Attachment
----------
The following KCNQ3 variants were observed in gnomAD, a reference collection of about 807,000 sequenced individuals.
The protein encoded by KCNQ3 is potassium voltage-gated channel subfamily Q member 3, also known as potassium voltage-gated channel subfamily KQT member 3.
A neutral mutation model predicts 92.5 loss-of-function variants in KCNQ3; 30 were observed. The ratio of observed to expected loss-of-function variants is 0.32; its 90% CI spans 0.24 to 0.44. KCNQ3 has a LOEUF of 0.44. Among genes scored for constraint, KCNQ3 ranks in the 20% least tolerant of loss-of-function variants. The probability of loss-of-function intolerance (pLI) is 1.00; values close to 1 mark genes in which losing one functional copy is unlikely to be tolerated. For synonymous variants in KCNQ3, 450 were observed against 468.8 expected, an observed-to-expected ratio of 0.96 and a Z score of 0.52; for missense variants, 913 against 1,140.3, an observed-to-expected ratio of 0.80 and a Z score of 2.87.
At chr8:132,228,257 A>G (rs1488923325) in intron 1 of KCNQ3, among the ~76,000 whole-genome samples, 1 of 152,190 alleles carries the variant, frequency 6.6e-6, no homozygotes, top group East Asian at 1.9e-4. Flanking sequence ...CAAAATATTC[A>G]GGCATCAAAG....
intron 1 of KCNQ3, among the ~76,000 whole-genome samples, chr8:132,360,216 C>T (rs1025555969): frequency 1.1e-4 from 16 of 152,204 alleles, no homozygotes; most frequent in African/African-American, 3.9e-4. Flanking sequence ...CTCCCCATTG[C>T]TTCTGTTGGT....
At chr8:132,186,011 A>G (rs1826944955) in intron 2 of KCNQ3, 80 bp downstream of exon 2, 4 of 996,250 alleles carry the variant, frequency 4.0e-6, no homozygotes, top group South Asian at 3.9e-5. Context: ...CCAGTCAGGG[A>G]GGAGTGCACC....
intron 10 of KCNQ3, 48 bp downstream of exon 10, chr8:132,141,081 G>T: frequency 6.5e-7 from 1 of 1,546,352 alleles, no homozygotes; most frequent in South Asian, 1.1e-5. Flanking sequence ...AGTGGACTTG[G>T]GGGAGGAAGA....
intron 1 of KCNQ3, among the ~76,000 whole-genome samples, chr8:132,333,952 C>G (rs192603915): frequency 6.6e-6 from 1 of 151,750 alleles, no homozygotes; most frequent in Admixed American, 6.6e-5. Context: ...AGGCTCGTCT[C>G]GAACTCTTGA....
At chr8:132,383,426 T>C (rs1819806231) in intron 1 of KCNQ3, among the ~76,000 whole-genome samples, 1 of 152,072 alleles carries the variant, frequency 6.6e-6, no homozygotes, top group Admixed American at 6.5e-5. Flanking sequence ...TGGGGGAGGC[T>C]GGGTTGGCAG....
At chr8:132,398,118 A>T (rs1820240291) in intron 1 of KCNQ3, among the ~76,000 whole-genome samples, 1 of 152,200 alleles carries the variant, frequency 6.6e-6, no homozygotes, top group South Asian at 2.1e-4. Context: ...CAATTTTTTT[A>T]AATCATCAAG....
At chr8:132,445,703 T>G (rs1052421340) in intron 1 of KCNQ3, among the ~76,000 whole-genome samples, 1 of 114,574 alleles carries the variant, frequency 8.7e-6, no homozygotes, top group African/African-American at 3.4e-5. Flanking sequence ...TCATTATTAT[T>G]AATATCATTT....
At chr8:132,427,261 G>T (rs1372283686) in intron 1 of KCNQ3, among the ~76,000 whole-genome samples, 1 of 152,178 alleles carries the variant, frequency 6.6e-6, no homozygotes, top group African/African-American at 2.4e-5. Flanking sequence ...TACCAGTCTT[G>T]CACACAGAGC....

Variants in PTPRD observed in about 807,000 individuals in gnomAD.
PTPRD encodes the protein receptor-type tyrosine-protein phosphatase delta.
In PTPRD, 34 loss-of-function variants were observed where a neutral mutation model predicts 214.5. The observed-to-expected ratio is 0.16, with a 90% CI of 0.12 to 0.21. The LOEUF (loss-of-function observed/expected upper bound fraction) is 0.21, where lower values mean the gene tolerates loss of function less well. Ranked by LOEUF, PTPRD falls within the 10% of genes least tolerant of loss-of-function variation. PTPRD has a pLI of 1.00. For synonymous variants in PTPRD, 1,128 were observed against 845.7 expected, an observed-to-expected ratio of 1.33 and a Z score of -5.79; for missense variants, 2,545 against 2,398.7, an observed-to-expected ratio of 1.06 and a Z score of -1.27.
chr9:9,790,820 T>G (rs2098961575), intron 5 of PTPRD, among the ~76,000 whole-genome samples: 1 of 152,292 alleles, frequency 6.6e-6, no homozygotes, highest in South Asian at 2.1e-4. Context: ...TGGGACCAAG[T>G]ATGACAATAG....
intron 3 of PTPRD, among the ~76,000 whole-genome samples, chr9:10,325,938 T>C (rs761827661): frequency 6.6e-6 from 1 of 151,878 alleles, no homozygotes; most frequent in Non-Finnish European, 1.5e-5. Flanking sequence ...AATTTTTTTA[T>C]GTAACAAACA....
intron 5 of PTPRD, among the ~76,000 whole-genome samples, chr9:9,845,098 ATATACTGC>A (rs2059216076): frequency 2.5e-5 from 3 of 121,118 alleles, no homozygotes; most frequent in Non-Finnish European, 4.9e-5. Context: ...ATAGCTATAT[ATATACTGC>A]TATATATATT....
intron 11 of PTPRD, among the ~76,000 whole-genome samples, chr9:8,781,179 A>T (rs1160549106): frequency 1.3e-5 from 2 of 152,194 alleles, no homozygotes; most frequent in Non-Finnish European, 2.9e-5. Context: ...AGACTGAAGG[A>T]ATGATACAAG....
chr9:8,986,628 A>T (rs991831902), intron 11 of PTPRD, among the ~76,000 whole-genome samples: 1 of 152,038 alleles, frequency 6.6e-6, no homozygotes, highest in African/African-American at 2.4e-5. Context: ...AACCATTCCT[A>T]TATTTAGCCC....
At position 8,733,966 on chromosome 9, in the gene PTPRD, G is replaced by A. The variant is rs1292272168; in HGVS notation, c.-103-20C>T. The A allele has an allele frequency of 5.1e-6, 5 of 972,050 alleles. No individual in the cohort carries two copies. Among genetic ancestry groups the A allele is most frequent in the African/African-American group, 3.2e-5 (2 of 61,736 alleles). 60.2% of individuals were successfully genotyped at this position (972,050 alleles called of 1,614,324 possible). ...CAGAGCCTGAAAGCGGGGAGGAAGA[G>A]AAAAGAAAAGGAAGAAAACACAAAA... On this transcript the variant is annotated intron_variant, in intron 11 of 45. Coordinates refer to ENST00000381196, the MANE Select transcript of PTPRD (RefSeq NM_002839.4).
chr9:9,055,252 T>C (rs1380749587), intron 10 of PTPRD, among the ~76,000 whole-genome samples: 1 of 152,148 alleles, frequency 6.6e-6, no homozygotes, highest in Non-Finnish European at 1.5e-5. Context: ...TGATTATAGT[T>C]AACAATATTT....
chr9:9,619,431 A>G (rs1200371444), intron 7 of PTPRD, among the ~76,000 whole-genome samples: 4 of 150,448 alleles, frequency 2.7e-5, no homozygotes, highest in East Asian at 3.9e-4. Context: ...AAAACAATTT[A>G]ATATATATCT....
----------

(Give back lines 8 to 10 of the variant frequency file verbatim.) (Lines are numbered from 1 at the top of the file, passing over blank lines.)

intron 1 of KCNQ3, among the ~76,000 whole-genome samples, chr8:132,333,952 C>G (rs192603915): frequency 6.6e-6 from 1 of 151,750 alleles, no homozygotes; most frequent in Admixed American, 6.6e-5. Context: ...AGGCTCGTCT[C>G]GAACTCTTGA....
At chr8:132,383,426 T>C (rs1819806231) in intron 1 of KCNQ3, among the ~76,000 whole-genome samples, 1 of 152,072 alleles carries the variant, frequency 6.6e-6, no homozygotes, top group Admixed American at 6.5e-5. Flanking sequence ...TGGGGGAGGC[T>C]GGGTTGGCAG....
At chr8:132,398,118 A>T (rs1820240291) in intron 1 of KCNQ3, among the ~76,000 whole-genome samples, 1 of 152,200 alleles carries the variant, frequency 6.6e-6, no homozygotes, top group South Asian at 2.1e-4. Context: ...CAATTTTTTT[A>T]AATCATCAAG....